UCI WWT: June heralds a thrilling summer

By PressCPA
Giugno 22, 2024
Tour_de_suisse_WWT_2024

Racing in Great Britain and Switzerland sets the stage for the Giro d’Italia Women, the Olympic Games and the Tour de France Femmes avec Zwift.

Summer is coming but “it rains attacks” on the roads of the UCI Women’s WorldTour, as Demi Vollering (Team SD Worx-Protime) put it after she tamed her rivals on the last stage of the Tour de Suisse Women on Tuesday.

Most of the climbing was packed into the first two thirds of the stage which finished, like the previous day, in Champagne. The Dutch star’s rivals tried everything to turn the race upside down, in line with Canyon//Sram Racing’s successful attack led by Neve Bradbury and Kasia Niewiadoma on Monday.

Still, Vollering controlled everyone. And in the end, she sprinted away from Elisa Longo Borghini (Lidl-Trek) to claim a third stage win in four days of racing and seal her overall victory in Switzerland, a country she’s come to “consider a second home” after many trips in the mountains.

Following her dominant Spanish campaign in May (victories in the Vuelta España Femenina by Carrefour.es, the Itzulia Women and the Vuelta a Burgos Feminas), she’s up to 11 wins this year, all of them in the UCI Women’s WorldTour, and can turn with ambition to the summer and especially the Tour de France Femmes avec Zwift (from Rotterdam to Alpe d’Huez,12-18 August) as she defends her 2023 victory in the French stage race.

“It’s nice to win a climbing race before the Tour de France Femmes, which is my biggest goal this season,” Vollering rejoiced. “The Olympics and the (UCI Road) World Championships are also high on my wish list.”

KOPECKY HEADS TO ITALY AND PARIS

With yellow and rainbow dreams ahead, the Dutch star can also revel in pink, as the new overall leader of the UCI Women’s WorldTour, moving past her Team SD Worx-Protime teammate Lotte Kopecky.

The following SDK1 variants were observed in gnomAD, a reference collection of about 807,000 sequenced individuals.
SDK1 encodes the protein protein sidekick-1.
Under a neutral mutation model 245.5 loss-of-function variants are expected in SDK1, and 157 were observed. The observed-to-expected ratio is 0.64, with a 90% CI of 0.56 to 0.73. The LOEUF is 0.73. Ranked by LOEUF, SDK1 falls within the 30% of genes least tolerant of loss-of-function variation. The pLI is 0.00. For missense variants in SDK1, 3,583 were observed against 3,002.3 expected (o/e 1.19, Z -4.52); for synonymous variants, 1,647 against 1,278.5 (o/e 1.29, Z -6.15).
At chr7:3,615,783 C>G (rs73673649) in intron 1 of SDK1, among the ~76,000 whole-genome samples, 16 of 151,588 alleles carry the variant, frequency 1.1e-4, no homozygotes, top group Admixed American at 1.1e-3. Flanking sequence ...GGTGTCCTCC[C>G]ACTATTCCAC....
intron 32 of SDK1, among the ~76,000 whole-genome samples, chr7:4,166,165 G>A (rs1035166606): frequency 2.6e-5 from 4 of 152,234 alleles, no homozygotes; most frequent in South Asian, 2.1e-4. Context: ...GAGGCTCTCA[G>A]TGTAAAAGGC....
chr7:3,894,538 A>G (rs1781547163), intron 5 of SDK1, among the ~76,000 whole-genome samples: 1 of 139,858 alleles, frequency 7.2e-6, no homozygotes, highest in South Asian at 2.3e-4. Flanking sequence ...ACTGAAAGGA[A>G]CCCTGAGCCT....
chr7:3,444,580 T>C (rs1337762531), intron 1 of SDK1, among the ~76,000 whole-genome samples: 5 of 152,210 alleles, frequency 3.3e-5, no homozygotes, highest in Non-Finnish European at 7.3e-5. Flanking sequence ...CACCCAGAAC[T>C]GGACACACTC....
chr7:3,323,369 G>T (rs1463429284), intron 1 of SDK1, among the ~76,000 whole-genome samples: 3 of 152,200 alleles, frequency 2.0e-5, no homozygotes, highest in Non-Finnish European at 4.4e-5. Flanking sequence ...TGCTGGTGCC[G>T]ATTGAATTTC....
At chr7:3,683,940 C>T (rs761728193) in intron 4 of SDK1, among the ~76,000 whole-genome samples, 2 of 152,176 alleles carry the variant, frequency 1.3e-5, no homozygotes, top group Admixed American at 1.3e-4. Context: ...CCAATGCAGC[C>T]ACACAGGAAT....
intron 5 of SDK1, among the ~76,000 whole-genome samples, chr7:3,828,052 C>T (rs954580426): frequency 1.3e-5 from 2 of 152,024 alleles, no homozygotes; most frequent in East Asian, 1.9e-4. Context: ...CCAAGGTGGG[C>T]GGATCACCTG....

The Belgian icon and reigning Women Elite road race UCI World Champion had dominated the Tour of Britain Women a week earlier with two stage wins, in Llandudno and Wrexham.

“I am thickly satisfied,” Kopecky said as she also gears up for an extremely busy and ambitious summer. The Belgian all-rounder won’t participate in the Tour de France Femmes avec Zwift, which starts on the day after she races the last track events of the 2024 Paris Olympic Games.

Yet her schedule is extremely loaded, with the Belgian National Championships this week, the Giro d’Italia Women next month (7-14 July) and then the Olympic Games (26 July – 11 August), where she’ll chase multiple goals, a year after she claimed rainbow jerseys on the road and in the velodrome at the 2023 UCI Cycling World Championships in Glasgow and across Scotland (United Kingdom).

“IT’S REALLY INTERESTING TO HAVE THE OLYMPICS AND THE TOUR IN A VERY SHORT TIME”

Among Kopecky’s main rivals this spring, Marianne Vos (Team Visma | Lease a Bike) has opted for a different schedule: “I’ve just been selected for the Olympics,” she happily announces.

“The combination with the Olympics and the Tour de France one week later makes a block of racing that I target and I will try to be at my very best.” The 12-time UCI World Champion across different disciplines adds “it’s always difficult to compare races but it’s really interesting to have the Olympics and the Tour in a very short time this year”.

Both the Giro and the Tour will be illuminated by stars but the battle for the yellow jersey attracts the most Dutch attention with a Grand Départ from the Netherlands, with Rotterdam, The Hague and Dordrecht uniting to welcome the global stars of the sport for the first three stages. The Netherlands has historical successes in the Tour, from Mieke Havik (first wearer of the yellow jersey, in 1984) to Annemiek van Vleuten and Demi Vollering, overall winners respectively in 2022 and 2023.

“The Tour de France, wherever and whenever it starts, is always a big goal for any rider at the start. But as a Dutch rider in a Dutch team, we feel some extra motivation to do well with the start in the Netherlands,” Vos observes.

She’s just won two stages and the overall standings of the Volta Ciclista a Catalunya (UCI 2.1). The big guns are ready to blaze this summer.

article and photo from www.uci.org

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